Bright, sarcastic and utterly consumed by thoughts of girls, Ben Connor (Jon Foster) is under constant pressure from his parents to achieve unattainable perfection. Ben is mesmerized by his English teacher, Ms. Monica Young (Marguerite Moreau), and is simultaneously thrilled and panicked at the thought of having a physical relationship with her.

Jonathan Fields (Chris Lowell), the least confident but most creative and grounded of the three friends, finds secret comfort in his relationship with the eccentric, full-bodied Deborah (Kelly Osbourne), because she shares his world view. Unbeknownst to each other, Deborah and Jonathan both entertain thoughts of taking their relationship to the next level, though Jonathan also worries that making things more “formal” will bring ridicule from others.

 

Missy Peregrym plays in the “Black Sash”

Martial arts star Russell Wong (“Romeo Must Die”) stars in this unique drama as an ex-cop who sacrificed everything and must now rebuild his own life as a teacher and mentor to a diverse group of teenagers. From the writer and executive producer of “The Karate Kid” and “Kiss of the Dragon,” and the executive producers of “Smallville,” The WB’s “Black Sash” features a multigenerational cast, dazzling martial arts and stories of hope and redemption.

As an undercover narcotics cop, Tom Chang (Wong) paid a high price for staying true to his values. Framed and wrongly incarcerated in Hong Kong for allegedly smuggling heroine, he loses his career, his wife and the right to see his daughter. All he has left are the blazing skills of a master martial arts combatant. Now, after five years in a Hong Kong prison, Tom has come home to San Francisco, intent on restoring his life.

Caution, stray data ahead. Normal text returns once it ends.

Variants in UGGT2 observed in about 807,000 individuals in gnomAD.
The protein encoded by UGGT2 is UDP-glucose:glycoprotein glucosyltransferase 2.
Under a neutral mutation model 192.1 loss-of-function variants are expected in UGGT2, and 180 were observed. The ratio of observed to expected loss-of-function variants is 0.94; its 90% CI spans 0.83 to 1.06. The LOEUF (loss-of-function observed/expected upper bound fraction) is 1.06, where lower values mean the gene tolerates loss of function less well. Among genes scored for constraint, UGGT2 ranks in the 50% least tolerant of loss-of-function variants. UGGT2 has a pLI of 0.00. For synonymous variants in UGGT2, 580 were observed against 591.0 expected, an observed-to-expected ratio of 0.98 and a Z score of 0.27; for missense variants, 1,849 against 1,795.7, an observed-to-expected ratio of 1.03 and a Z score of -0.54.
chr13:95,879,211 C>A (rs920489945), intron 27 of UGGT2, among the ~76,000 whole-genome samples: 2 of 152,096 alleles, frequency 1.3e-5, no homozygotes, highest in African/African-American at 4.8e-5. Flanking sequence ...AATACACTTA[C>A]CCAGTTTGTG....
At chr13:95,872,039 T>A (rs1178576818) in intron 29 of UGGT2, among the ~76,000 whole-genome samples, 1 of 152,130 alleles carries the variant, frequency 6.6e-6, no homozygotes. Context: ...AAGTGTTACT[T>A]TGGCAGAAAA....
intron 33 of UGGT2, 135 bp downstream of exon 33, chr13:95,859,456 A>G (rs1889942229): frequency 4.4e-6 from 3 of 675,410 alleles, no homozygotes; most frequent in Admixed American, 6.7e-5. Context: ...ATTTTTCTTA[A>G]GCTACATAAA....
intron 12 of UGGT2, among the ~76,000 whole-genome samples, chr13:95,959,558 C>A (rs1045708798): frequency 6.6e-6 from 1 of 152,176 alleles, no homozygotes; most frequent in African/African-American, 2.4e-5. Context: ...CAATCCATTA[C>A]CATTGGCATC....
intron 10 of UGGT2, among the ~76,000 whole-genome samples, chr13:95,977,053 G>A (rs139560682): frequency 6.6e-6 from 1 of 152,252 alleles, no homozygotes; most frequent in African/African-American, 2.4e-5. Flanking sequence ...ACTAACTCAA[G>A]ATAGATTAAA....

Once back in San Francisco, Tom’s mentor, Master Li (Mako, “Pearl Harbor”), gives Tom his martial arts school to run and a place to live in his building on the wharf. Tom finds a new family in the young men and women he trains in Chinese martial arts. His dedicated students include Tory Stratton (Missy Peregrym, “Dark Angel,” “The Chris Isaak Show“), a fiercely beautiful 17-year-old who has turned to martial arts as a way of dealing with the rage she feels over the death of her policeman father. A newcomer to the group, Trip Brady (Corey Sevier, “Between Strangers“) is the victim of a violent father. For Trip, Tom’s knowledge and kindness open the door to a new life. Bryan Lanier (Ray J, “Moesha“) is a tough-talking, streetwise teenager with a quick wit and a deep loyalty to his fellow students and to Tom. Another newcomer is the shy and warm-hearted Allie Bennett (Sarah Carter, “Undeclared”), who is searching for acceptance, friendship and for some of the skill and bravery she admires in Tory.

Tom relies on the spiritual guidance of Master Li to help him deal with issues that arise in his life and the lives of his students. He also begins the long journey of trying to win back the right to see his daughter and the acceptance of his ex-wife, Beth (Ona Grauer). Tom spends his days teaching a new generation the skills and enlightenment he learned from Master Li. His message is timeless: patience and flexibility are the keys to overcoming any obstacle.